In Stony Places

In Stony Places

Continuing on the parable of the sower we now look the stony places. Matthew 13:3 - 9; Mark 4:3 - 20

“He that receiveth the seed into stony places, the same is he that heareth the word, and anon with joy receiveth it; yet hath he not root in himself, but endures for a while; for when tribulation or persecution ariseth because of the word, by and by he is offended.”

The seed sown upon stony ground springs up quickly, but the root cannot penetrate the rock to find nutriment, and it soon perishes. Many who make a profession of religion are stony-ground hearers. Like the rock underlying the layer of earth, the selfishness of the natural heart underlies the soil. This class may be easily convinced, and appear to be bright converts, but they have only a superficial religion.

As soon as the divine word comes God desires us to receive it, and it is right to accept it with joy. But those who in the parable are said to receive the word immediately, do not count the cost. They do not consider what the word of God requires of them.

It is by the invisible union of the soul with Christ, through faith, that the spiritual life is nourished. But the stony-ground hearers depend upon self. They trust in their good works and are self-righteous.

The hot summer sun destroys the plant which has no depth of root. Many receive the gospel as a way of escape from suffering, rather than as a deliverance from sin. They rejoice for a season, for they think that religion will free them from difficulty and trial.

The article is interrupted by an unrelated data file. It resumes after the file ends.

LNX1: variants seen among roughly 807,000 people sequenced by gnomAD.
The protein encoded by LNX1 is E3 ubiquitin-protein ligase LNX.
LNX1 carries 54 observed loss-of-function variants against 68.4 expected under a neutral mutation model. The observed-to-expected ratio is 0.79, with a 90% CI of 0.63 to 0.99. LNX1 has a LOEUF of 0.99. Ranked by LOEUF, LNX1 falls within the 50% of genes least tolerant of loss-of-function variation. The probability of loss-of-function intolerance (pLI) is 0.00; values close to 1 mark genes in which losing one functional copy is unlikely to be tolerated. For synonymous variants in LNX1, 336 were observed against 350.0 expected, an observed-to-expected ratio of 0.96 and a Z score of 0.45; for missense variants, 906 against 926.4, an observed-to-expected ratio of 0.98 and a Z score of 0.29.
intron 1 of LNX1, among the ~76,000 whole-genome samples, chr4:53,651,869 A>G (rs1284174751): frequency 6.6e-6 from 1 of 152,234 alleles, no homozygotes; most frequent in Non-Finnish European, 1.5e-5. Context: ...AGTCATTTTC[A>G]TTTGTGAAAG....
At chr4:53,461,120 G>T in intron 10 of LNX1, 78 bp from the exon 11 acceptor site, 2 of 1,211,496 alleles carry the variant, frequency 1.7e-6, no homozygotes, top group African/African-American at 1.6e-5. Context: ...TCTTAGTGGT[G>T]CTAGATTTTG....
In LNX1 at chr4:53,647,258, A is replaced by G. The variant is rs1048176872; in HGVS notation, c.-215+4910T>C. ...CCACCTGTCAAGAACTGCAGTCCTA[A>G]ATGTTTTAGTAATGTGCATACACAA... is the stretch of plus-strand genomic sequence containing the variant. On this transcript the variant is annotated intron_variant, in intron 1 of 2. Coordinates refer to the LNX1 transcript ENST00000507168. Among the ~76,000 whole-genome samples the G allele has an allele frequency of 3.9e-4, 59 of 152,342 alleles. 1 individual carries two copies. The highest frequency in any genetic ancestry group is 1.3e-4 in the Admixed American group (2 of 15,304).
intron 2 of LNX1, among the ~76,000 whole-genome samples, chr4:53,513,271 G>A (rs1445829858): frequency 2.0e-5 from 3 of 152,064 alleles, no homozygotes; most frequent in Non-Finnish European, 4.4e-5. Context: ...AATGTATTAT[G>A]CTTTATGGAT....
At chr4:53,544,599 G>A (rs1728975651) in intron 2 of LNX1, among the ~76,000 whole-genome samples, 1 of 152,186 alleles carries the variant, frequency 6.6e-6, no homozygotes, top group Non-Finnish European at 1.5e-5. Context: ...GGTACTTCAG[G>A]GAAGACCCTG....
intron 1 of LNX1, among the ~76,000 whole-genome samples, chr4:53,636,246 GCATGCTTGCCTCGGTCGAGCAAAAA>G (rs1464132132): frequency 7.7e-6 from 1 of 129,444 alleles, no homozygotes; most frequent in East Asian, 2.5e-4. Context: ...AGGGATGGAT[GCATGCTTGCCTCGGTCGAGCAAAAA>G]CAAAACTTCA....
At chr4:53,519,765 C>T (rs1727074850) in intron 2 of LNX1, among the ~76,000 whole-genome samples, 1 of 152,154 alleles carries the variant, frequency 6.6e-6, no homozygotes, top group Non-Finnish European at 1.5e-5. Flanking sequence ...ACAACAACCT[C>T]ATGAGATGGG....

When the Word of God points out some cherished sin or requires self-denial or sacrifice, they are offended. It would cost them too much effort to make a radical change in their life.

There are very many who claim to serve God, but their conduct is not brought into harmony with the law of God. They have not a personal relation with a living Saviour, and their characters reveal defects both hereditary and cultivated.

Many feel a sense of estrangement from God, a realization of their bondage to self and sin; they make efforts for reform, but they do not give up their particular sins. With each wrong act, the old selfish nature is gaining strength.

The only hope for these souls is to realize in themselves the truth of Christ’s words, “Except a man be born from above, he can not see the kingdom of God.” John 3: 3

True holiness is wholeness in the service of God. Christ demands the heart, the mind, the soul, the strength. He who lives to himself is not a Christian.

Love must be the principle of action. This alone can make and keep him steadfast.

The effort to serve both self and Christ makes one a stony-ground hearer, and will not endure when the test comes upon him.

“Adapted from Christ’s Object Lessons”